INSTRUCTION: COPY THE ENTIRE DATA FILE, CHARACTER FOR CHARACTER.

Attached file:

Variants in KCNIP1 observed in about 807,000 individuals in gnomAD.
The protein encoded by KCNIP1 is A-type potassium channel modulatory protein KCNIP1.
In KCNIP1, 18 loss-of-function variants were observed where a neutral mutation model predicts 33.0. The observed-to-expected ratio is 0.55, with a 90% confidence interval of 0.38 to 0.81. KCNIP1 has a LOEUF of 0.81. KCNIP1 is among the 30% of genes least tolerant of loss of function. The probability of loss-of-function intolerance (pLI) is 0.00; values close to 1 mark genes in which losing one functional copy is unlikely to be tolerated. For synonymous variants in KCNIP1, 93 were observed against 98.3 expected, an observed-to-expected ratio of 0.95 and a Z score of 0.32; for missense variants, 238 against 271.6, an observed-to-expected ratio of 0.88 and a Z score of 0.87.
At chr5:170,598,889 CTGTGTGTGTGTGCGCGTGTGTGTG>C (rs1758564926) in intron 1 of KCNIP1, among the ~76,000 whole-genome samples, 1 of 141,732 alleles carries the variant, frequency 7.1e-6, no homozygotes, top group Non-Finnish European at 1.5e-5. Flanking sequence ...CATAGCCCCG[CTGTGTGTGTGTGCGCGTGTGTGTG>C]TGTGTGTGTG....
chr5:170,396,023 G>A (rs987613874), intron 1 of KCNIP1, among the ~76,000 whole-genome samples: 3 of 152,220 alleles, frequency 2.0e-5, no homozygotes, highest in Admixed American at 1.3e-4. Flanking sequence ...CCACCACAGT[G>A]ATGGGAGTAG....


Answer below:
Variants in KCNIP1 observed in about 807,000 individuals in gnomAD.
The protein encoded by KCNIP1 is A-type potassium channel modulatory protein KCNIP1.
In KCNIP1, 18 loss-of-function variants were observed where a neutral mutation model predicts 33.0. The observed-to-expected ratio is 0.55, with a 90% confidence interval of 0.38 to 0.81. KCNIP1 has a LOEUF of 0.81. KCNIP1 is among the 30% of genes least tolerant of loss of function. The probability of loss-of-function intolerance (pLI) is 0.00; values close to 1 mark genes in which losing one functional copy is unlikely to be tolerated. For synonymous variants in KCNIP1, 93 were observed against 98.3 expected, an observed-to-expected ratio of 0.95 and a Z score of 0.32; for missense variants, 238 against 271.6, an observed-to-expected ratio of 0.88 and a Z score of 0.87.
At chr5:170,598,889 CTGTGTGTGTGTGCGCGTGTGTGTG>C (rs1758564926) in intron 1 of KCNIP1, among the ~76,000 whole-genome samples, 1 of 141,732 alleles carries the variant, frequency 7.1e-6, no homozygotes, top group Non-Finnish European at 1.5e-5. Flanking sequence ...CATAGCCCCG[CTGTGTGTGTGTGCGCGTGTGTGTG>C]TGTGTGTGTG....
chr5:170,396,023 G>A (rs987613874), intron 1 of KCNIP1, among the ~76,000 whole-genome samples: 3 of 152,220 alleles, frequency 2.0e-5, no homozygotes, highest in Admixed American at 1.3e-4. Flanking sequence ...CCACCACAGT[G>A]ATGGGAGTAG....